EM outlook: Will nuance make a comeback in 2021?
2020 has been largely about the pandemic and its derivatives. Uncertainty of the timing and contours of normalization in industries, economies, and countries has resulted in reflexive efforts to embrace “certainty” in 2020. Growth stocks have been clear beneficiaries of the two big trends in financial markets under COVID-19 – negative real rates and great economic uncertainty.
These twin forces have made extrapolation of the future incredibly challenging for investors, leading to a relentless search for certainty in obvious “digital” winners. Add to that a powerful case of FOMO (fear of missing out) and you have the ingredients for worrying levels of concentration and pockets of structurally overvalued companies.
COVID has fueled growth stocks
Emerging market (EM) growth stocks have had an unprecedented run versus value over the past decade. The pandemic has amplified the run of growth stocks and, in our view, led to pockets of excessive valuation. COVID-19 has essentially amplified trends that were already underway in emerging markets and accelerated the prospects of e-commerce, fintech, food delivery, ride-hailing, gaming, cloud, and other similar digitally driven companies.
In many cases, the assumptions of what these disruptive growth companies can deliver and the valuations they have reached have become untethered from reality, in our view.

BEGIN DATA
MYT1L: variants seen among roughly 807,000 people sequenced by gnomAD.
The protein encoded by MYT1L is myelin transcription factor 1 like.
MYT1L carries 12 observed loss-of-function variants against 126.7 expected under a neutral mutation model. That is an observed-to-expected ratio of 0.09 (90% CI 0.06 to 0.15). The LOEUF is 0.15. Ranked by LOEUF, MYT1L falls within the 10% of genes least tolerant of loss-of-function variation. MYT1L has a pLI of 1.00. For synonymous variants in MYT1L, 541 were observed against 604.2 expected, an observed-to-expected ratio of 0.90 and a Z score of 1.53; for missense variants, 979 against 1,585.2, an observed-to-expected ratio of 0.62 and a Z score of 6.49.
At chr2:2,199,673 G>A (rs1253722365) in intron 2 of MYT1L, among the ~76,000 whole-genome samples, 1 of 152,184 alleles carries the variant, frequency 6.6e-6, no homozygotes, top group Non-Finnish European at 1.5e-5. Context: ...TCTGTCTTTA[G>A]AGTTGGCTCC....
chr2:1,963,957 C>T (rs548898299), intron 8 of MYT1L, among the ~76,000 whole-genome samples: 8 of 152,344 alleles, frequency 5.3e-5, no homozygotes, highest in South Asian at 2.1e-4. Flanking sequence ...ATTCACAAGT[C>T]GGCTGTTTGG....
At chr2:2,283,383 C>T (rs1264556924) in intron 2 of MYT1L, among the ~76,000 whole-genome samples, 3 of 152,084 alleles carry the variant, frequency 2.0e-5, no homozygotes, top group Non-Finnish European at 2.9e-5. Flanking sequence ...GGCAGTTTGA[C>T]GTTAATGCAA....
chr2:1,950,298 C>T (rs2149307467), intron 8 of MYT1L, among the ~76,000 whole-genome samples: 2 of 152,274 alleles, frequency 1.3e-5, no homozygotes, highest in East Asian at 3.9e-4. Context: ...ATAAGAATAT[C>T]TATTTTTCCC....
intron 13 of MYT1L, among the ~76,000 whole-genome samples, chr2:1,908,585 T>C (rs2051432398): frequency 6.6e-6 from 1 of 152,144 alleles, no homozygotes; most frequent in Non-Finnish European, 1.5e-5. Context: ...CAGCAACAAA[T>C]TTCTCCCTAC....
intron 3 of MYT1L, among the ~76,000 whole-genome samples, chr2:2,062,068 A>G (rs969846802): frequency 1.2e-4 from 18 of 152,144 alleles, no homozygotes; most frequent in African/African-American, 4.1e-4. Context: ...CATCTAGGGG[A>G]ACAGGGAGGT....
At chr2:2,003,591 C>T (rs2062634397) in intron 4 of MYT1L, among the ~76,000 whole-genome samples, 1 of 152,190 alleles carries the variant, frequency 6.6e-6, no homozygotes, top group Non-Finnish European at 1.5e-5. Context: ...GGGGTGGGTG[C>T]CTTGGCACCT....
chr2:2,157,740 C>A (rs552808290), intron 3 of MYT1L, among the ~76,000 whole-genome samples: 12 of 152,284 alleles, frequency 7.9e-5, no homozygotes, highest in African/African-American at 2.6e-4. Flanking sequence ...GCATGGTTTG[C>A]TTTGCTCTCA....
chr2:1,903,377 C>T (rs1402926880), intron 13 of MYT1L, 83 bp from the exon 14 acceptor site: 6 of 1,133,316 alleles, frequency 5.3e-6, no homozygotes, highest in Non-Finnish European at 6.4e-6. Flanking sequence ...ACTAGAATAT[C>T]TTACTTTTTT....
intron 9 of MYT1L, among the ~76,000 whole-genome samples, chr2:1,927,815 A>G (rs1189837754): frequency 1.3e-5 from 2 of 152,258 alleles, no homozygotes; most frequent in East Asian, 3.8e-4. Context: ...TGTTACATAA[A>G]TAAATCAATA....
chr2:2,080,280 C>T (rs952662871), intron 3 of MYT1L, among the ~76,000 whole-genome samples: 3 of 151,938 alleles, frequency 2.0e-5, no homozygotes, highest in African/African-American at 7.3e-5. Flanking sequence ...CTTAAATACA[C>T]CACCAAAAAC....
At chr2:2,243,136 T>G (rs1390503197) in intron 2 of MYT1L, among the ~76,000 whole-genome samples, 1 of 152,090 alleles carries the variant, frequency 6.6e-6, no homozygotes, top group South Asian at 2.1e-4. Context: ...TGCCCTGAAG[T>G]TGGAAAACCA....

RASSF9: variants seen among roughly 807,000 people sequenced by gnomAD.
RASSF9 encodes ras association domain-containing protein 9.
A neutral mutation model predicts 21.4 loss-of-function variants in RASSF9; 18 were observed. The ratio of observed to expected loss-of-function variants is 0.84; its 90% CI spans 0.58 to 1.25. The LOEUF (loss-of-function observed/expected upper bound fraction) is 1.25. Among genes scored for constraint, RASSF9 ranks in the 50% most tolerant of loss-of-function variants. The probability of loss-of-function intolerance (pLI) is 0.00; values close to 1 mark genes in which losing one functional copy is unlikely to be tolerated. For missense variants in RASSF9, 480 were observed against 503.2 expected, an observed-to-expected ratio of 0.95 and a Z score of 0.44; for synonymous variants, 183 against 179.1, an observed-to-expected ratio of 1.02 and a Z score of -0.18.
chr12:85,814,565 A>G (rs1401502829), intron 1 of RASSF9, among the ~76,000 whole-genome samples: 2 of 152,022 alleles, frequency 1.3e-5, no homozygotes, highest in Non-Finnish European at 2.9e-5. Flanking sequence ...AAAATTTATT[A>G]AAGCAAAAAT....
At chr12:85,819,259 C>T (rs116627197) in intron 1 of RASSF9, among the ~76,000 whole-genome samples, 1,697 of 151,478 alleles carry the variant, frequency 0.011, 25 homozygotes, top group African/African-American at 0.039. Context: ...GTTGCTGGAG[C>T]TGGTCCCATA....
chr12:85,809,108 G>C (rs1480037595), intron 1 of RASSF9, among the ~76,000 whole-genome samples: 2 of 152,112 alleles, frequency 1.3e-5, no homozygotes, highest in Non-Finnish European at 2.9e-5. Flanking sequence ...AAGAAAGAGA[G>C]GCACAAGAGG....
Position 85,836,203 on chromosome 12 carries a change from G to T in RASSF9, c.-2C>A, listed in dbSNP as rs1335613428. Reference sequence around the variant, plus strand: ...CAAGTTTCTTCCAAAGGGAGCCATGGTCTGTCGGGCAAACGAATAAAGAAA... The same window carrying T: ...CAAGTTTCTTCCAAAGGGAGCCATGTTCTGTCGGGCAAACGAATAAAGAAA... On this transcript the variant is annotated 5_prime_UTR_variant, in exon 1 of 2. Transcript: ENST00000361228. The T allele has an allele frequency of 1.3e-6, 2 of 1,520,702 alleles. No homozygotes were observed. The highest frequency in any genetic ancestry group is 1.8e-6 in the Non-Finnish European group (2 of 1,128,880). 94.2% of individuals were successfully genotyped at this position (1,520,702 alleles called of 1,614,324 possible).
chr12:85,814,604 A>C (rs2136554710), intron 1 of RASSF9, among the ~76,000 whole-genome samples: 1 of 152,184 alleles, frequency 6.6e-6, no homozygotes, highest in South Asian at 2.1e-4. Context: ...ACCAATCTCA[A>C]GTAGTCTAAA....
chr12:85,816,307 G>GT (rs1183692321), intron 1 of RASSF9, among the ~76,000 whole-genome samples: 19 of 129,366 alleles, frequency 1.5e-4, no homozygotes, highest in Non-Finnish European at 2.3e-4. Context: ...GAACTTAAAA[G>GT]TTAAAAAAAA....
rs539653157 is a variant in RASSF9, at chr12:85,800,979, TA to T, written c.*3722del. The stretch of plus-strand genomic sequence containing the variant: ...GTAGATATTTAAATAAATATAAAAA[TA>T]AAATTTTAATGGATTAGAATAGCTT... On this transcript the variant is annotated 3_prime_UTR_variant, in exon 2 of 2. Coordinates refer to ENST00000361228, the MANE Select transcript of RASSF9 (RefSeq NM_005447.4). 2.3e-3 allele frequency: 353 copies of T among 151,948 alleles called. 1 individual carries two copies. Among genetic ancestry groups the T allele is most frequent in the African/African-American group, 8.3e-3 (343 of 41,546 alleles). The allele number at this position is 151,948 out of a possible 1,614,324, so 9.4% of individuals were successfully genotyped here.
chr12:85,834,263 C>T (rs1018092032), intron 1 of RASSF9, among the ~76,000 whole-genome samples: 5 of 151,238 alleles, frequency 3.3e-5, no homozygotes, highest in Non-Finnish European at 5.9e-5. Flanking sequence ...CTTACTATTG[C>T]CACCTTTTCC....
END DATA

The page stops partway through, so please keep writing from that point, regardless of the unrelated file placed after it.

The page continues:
Imagination is a critical trait in creating differentiated portfolio results, but much of the hyperbolic gravitas is conventional wisdom, divorced from rigorous diligence. The herculean assumptions being made to justify current valuations often fail to appreciate fierce competitive structures across many of these industries and the long and grinding battle companies face in their pursuit of market dominance. FOMO has become the primary investment motivation for many.
Our 2021 outlook for EM
We believe 2021 will be a year of greater nuance and strong currency performance relative to the US dollar across EM equity markets. After 10 very difficult years, we see ingredients for a sustainable bull market in EM equities. We forecast a significant economic recovery, coupled with a weaker dollar environment, that will likely result in solid gains across non-China EM markets.
We see all the ingredients for a “flywheel,” witnessed in previous prolonged periods of EM outperformance, where foreign capital inflows lead to credit creation, capital formation, GDP and formal sector employment growth, along with significant earnings momentum. We see much of Latin America, Southeast Asia and parts of sub-Saharan Africa benefiting from the flywheel.
Meanwhile, we believe the structural bull case for China equities (which represent nearly half of the MSCI Emerging Markets Index benchmark weight and capitalization) will likely persist given superior growth, domestic investor portfolio diversification, and growing access to high-quality new company listings.
We remain bullish on China given our expectation that the largest EM economy will maintain its focus on generating more sustainable growth and see continued evolution of its financial markets. Having generated the plurality of worldwide growth for the past 10 years, we believe China is poised to deliver over 50% of global GDP over the next couple years as the rest of the world slowly recovers from the economic impact of COVID-19.